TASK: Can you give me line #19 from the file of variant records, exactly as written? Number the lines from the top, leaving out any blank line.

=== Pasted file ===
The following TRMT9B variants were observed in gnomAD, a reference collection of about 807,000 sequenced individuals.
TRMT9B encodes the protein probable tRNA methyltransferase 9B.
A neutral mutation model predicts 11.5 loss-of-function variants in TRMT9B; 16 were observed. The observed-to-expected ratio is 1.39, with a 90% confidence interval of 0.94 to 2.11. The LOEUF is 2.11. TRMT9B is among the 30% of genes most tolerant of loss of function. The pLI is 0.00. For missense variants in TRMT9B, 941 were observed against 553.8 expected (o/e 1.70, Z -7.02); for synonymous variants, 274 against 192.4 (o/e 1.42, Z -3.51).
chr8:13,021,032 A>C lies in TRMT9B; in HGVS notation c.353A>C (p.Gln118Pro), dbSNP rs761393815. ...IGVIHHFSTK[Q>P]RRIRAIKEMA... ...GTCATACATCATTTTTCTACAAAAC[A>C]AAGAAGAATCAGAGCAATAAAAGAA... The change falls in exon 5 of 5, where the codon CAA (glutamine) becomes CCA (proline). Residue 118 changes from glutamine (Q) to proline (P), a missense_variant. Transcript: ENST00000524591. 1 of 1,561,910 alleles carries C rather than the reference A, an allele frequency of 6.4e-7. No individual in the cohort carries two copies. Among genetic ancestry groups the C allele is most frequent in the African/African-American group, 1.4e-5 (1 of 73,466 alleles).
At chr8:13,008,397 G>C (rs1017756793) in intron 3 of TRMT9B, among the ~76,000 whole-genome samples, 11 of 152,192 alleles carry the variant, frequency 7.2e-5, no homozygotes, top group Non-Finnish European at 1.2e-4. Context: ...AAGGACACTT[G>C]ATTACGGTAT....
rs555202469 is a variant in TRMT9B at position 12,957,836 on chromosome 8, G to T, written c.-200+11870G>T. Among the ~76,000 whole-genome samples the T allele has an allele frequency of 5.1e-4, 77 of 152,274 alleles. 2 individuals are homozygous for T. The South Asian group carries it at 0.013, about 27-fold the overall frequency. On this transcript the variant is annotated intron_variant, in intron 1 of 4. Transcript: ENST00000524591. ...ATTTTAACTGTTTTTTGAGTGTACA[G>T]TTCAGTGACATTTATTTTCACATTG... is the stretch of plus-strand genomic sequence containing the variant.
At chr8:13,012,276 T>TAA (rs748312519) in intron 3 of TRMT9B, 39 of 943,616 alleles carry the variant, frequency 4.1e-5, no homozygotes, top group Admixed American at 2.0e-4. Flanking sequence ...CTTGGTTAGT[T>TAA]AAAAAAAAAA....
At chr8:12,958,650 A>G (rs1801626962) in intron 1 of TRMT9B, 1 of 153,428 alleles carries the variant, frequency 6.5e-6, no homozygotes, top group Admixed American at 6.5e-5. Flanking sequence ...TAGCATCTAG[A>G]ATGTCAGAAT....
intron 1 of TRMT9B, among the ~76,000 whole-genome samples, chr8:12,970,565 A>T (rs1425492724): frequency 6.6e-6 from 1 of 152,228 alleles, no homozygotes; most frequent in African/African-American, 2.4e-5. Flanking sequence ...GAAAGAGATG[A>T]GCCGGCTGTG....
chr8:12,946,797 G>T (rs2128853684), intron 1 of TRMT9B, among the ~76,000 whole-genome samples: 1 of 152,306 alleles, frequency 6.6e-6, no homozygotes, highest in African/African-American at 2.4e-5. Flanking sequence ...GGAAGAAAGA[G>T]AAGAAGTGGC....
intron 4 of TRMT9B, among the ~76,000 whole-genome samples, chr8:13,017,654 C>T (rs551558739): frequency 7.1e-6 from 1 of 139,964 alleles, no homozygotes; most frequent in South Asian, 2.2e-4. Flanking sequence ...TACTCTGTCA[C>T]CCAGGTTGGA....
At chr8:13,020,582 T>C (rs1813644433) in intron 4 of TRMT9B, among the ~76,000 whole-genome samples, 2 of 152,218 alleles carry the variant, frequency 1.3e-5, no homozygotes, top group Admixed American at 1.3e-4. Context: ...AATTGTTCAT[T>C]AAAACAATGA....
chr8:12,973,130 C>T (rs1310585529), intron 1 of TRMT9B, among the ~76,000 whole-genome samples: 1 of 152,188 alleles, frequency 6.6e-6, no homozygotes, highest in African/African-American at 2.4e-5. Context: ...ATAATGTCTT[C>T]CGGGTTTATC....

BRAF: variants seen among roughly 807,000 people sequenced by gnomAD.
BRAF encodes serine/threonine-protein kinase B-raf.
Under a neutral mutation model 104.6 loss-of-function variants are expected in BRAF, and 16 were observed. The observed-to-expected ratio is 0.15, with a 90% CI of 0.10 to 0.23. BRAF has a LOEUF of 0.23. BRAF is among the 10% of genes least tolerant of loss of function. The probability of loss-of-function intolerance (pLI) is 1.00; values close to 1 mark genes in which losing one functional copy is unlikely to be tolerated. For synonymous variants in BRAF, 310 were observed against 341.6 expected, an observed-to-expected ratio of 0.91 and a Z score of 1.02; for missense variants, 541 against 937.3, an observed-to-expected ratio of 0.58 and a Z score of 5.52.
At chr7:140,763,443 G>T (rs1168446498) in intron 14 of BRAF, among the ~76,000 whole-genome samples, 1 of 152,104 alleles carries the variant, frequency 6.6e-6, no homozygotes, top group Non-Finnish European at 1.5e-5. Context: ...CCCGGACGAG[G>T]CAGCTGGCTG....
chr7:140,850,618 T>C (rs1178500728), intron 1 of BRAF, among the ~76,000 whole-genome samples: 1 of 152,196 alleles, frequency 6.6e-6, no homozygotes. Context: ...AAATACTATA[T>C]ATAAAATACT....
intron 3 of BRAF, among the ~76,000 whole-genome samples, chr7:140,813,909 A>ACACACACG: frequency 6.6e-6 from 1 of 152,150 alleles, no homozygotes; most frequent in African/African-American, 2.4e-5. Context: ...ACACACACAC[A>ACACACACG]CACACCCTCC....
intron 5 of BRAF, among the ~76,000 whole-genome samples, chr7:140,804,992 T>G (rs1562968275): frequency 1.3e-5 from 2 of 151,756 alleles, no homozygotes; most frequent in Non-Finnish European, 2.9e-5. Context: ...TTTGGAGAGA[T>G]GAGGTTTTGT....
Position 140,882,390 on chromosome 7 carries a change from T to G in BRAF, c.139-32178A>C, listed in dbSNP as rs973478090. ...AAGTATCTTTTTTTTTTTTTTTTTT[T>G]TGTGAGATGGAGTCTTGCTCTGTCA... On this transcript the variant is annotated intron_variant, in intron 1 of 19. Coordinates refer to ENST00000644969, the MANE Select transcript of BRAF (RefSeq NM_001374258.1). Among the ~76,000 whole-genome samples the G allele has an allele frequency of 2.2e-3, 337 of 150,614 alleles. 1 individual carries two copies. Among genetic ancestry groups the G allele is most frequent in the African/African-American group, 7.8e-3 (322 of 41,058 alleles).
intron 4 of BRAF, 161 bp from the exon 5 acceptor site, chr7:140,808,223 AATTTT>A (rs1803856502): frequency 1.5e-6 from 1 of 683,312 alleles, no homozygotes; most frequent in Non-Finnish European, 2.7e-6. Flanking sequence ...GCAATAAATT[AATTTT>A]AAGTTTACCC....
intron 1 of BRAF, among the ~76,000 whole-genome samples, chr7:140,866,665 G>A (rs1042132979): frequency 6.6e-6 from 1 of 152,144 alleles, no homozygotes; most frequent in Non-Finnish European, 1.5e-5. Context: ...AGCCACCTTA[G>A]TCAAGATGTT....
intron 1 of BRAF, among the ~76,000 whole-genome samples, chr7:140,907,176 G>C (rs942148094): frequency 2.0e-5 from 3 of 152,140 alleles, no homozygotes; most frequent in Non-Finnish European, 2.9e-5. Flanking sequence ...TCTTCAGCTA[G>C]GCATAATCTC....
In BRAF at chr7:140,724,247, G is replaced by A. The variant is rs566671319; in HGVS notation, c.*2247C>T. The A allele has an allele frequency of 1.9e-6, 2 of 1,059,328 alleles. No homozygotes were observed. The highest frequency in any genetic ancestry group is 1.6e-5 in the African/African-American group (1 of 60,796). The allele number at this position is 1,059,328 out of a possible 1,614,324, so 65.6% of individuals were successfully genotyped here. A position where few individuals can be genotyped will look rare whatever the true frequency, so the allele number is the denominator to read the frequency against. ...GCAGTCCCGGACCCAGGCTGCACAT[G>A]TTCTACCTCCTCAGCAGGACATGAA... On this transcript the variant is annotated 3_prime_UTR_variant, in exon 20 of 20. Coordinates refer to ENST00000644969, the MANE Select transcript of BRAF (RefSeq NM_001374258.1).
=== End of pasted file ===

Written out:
intron 3 of BRAF, among the ~76,000 whole-genome samples, chr7:140,813,909 A>ACACACACG: frequency 6.6e-6 from 1 of 152,150 alleles, no homozygotes; most frequent in African/African-American, 2.4e-5. Context: ...ACACACACAC[A>ACACACACG]CACACCCTCC....